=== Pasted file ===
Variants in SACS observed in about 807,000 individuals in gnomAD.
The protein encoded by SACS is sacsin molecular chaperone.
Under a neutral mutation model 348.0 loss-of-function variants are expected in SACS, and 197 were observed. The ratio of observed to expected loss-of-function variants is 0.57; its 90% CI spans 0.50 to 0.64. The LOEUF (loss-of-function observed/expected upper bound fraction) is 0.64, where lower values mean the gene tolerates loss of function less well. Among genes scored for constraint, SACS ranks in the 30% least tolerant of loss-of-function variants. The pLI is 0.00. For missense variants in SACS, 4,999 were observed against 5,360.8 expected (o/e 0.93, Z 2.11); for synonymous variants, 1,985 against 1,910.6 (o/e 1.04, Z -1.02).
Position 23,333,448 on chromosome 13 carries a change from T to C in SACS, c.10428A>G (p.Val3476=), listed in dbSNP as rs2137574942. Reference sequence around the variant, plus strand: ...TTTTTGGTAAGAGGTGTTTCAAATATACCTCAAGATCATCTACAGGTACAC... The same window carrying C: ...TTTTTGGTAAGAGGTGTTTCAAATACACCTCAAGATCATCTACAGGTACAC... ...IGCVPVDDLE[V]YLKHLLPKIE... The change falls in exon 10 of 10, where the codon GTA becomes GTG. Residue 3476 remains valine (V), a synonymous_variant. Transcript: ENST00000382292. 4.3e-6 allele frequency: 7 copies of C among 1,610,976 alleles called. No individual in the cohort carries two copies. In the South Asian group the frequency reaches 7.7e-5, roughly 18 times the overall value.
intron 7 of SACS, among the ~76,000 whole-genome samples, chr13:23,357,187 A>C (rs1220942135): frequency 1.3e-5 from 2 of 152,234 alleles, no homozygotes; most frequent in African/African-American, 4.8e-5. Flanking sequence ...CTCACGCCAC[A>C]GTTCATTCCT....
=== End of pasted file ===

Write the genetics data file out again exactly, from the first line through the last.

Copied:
Variants in SACS observed in about 807,000 individuals in gnomAD.
The protein encoded by SACS is sacsin molecular chaperone.
Under a neutral mutation model 348.0 loss-of-function variants are expected in SACS, and 197 were observed. The ratio of observed to expected loss-of-function variants is 0.57; its 90% CI spans 0.50 to 0.64. The LOEUF (loss-of-function observed/expected upper bound fraction) is 0.64, where lower values mean the gene tolerates loss of function less well. Among genes scored for constraint, SACS ranks in the 30% least tolerant of loss-of-function variants. The pLI is 0.00. For missense variants in SACS, 4,999 were observed against 5,360.8 expected (o/e 0.93, Z 2.11); for synonymous variants, 1,985 against 1,910.6 (o/e 1.04, Z -1.02).
Position 23,333,448 on chromosome 13 carries a change from T to C in SACS, c.10428A>G (p.Val3476=), listed in dbSNP as rs2137574942. Reference sequence around the variant, plus strand: ...TTTTTGGTAAGAGGTGTTTCAAATATACCTCAAGATCATCTACAGGTACAC... The same window carrying C: ...TTTTTGGTAAGAGGTGTTTCAAATACACCTCAAGATCATCTACAGGTACAC... ...IGCVPVDDLE[V]YLKHLLPKIE... The change falls in exon 10 of 10, where the codon GTA becomes GTG. Residue 3476 remains valine (V), a synonymous_variant. Transcript: ENST00000382292. 4.3e-6 allele frequency: 7 copies of C among 1,610,976 alleles called. No individual in the cohort carries two copies. In the South Asian group the frequency reaches 7.7e-5, roughly 18 times the overall value.
intron 7 of SACS, among the ~76,000 whole-genome samples, chr13:23,357,187 A>C (rs1220942135): frequency 1.3e-5 from 2 of 152,234 alleles, no homozygotes; most frequent in African/African-American, 4.8e-5. Flanking sequence ...CTCACGCCAC[A>C]GTTCATTCCT....